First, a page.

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A Canadian flag flies from an apartment balcony in the Riverdale neighbourhood of Hamilton, Ontario on Tuesday, May 19, 2015. Riverdale is a highrise immigrant neighbourhood, third largest concentration of immigrants in Canada, and growing fast. (Peter Power For The Globe and Mail)
A Canadian flag flies from an apartment balcony in the Riverdale neighbourhood of Hamilton, Ontario on Tuesday, May 19, 2015. Riverdale is a highrise immigrant neighbourhood, third largest concentration of immigrants in Canada, and growing fast. (Peter Power For The Globe and Mail)

NEUMAN AND ADAMS

Keeping faith on immigration Add to ...

Keith Neuman is executive director, and Michael Adams is founder and president, of the Environics Institute for Survey Research.

The past few years have not been good ones for immigrants and multicultural diversity – worldwide or in Canada. At the global level, the flow of migrants is now higher than at any time in human history. A growing part of this flow comes from refugees fleeing conflict zones, placing increasing pressure on European countries that are struggling to maintain policies of openness and accommodation. Canada continues to accept more than 200,000 immigrants each year, but new federal government policies are tightening the rules and making the country less welcoming. Some commentators have cited anecdotal evidence that the mainstream public is feeling less comfortable with the country’s growing ethnic diversity. The former Quebec government’s proposed charter of secular values was a flashpoint in that province, and now appears ready for a comeback in a milder form.

In this context, it would be understandable to find that Canadians’ attitudes about immigration and multiculturalism have soured, but this is not the case. The Environics Institute’s latest Focus Canada survey – conducted last month and updating trends dating back to the 1980s – shows that Canadian attitudes about these issues have held steady or grown more positive over the past three to five years. The public continues to believe that immigration is good for the economy, and is more confident about the country’s ability to manage refugees and potential criminal elements. Canadians remain divided about accepting refugees who would not otherwise qualify under the rules, but opinions on this issue have remained stable since 2010.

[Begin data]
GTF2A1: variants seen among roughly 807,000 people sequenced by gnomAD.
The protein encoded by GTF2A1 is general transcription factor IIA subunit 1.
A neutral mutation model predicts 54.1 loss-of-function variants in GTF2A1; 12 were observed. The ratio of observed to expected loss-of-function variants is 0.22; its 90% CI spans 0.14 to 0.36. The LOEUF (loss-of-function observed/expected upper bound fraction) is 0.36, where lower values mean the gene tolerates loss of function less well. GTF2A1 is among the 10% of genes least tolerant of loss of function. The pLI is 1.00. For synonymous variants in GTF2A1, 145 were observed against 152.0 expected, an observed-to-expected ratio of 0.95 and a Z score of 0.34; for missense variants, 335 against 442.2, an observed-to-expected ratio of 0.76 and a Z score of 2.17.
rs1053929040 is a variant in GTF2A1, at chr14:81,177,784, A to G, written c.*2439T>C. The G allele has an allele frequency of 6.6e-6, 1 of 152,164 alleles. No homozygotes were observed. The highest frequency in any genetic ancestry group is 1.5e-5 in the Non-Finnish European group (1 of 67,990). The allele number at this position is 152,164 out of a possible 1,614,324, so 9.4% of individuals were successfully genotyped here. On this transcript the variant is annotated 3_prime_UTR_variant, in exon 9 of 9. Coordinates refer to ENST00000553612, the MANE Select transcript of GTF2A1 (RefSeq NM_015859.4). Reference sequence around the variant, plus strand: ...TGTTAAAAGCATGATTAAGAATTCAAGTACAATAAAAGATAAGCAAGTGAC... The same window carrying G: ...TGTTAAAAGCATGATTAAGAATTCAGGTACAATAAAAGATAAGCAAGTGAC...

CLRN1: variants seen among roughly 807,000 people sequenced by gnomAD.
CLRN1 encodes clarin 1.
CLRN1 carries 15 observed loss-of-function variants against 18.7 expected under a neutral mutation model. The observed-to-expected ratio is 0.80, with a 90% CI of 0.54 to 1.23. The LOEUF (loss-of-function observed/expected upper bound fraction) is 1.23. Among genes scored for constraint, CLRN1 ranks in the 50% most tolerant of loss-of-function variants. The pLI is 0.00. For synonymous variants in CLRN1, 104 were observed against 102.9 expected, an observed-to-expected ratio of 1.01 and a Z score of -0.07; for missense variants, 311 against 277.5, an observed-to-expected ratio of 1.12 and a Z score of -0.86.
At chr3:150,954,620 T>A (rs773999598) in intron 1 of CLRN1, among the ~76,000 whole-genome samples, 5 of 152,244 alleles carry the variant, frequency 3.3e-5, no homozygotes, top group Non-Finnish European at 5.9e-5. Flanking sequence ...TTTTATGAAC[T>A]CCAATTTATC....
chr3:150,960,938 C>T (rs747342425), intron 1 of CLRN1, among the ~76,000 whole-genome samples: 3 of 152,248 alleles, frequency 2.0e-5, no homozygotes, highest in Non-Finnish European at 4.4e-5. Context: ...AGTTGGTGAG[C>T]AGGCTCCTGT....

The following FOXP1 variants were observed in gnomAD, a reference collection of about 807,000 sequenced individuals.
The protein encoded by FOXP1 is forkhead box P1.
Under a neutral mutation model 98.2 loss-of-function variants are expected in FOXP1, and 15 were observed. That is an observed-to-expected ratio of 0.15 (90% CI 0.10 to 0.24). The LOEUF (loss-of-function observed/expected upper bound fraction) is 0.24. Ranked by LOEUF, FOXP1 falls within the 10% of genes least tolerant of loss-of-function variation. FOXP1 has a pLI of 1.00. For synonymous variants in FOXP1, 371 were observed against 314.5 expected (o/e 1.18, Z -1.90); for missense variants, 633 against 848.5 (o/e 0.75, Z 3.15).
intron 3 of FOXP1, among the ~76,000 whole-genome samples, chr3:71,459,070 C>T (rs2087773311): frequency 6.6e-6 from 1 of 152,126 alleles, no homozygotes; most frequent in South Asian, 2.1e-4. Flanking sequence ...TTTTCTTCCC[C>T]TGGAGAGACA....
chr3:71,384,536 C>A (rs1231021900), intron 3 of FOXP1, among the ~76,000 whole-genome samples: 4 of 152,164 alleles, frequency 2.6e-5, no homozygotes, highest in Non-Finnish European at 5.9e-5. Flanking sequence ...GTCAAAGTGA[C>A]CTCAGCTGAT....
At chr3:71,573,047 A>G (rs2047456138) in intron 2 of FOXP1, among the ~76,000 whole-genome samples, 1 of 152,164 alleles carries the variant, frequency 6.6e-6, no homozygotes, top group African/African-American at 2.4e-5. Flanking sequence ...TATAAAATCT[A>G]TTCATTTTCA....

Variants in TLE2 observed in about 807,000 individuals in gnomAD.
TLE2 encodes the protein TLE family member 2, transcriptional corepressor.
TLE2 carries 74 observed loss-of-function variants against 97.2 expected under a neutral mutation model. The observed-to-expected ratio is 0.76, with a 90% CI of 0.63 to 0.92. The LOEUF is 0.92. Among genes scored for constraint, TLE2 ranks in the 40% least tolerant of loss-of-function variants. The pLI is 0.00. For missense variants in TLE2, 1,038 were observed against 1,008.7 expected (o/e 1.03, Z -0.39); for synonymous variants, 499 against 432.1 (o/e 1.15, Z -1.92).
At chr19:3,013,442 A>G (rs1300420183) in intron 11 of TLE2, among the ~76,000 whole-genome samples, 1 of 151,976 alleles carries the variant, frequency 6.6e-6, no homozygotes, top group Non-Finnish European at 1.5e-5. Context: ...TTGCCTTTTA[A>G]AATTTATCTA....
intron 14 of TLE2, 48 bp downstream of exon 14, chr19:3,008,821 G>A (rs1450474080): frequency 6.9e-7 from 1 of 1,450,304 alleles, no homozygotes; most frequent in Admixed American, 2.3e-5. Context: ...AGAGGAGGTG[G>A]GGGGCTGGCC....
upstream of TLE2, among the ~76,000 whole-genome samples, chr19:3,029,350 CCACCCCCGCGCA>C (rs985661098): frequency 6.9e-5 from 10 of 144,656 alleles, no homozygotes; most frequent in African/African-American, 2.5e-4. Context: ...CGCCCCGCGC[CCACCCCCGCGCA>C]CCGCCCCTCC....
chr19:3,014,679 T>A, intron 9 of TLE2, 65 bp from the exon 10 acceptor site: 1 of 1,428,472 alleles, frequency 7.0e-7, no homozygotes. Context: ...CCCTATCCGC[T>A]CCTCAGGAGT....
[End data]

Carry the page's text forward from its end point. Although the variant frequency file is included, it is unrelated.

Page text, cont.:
Canadians continue to identify multiculturalism as one of the country’s most important symbols, and this view has strengthened since 2010. The most significant ongoing public concern is about immigrants not adopting so-called Canadian values; this remains the majority view but this concern has diminished since 2012. Moreover, there is now broad consensus that someone born abroad is every bit as likely to be a good citizen as someone born in the country: 95 per cent who were surveyed concurred with this statement, up from 89 per cent who did so when asked in 2011.

Another important trend is the public’s growing acknowledgment of the challenges facing visible minority groups in Canada. Increasing proportions say there is ongoing discrimination against Muslims, aboriginal peoples and, to a lesser extent, black people and South Asians. And perhaps even more notable is the finding that there is growing recognition among Canadians that ethnic and racial groups need support from society at large to address these challenges.

Across the country, opinions sometimes vary by group in a predictable pattern, but there are also counterintuitive findings. Quebec is often seen as least hospitable to newcomers, and on some questions this proves to be the case. For example, Quebeckers continue to be more likely than other Canadians to say immigrants are not adopting the right values. But they are also the least concerned about the number of immigrants arriving on our shores, and the most cognizant about discrimination against Muslims. Nationally, the growth in positive attitudes on some aspects of immigration and multiculturalism is most evident among Canadians with the lowest levels of education, which may signal that fundamental societal change is under way. Finally, across the political spectrum, federal Conservative Party supporters remain among the least supportive of immigration and ethnic diversity (especially in comparison with NDP supporters), but on some measures, they show the most positive movement in the past few years.

This latest survey is by no means the last word on where the country is heading, nor is it the case that every Canadian is embracing immigration and ethnic diversity. What the findings do tell us – through empirically grounded facts – is that, amidst the noise of global ethnic conflict, grim warnings about domestic terrorism and a lethargic economy that is failing many, most of us are keeping the faith in Canada as the most welcoming multicultural society on the planet.

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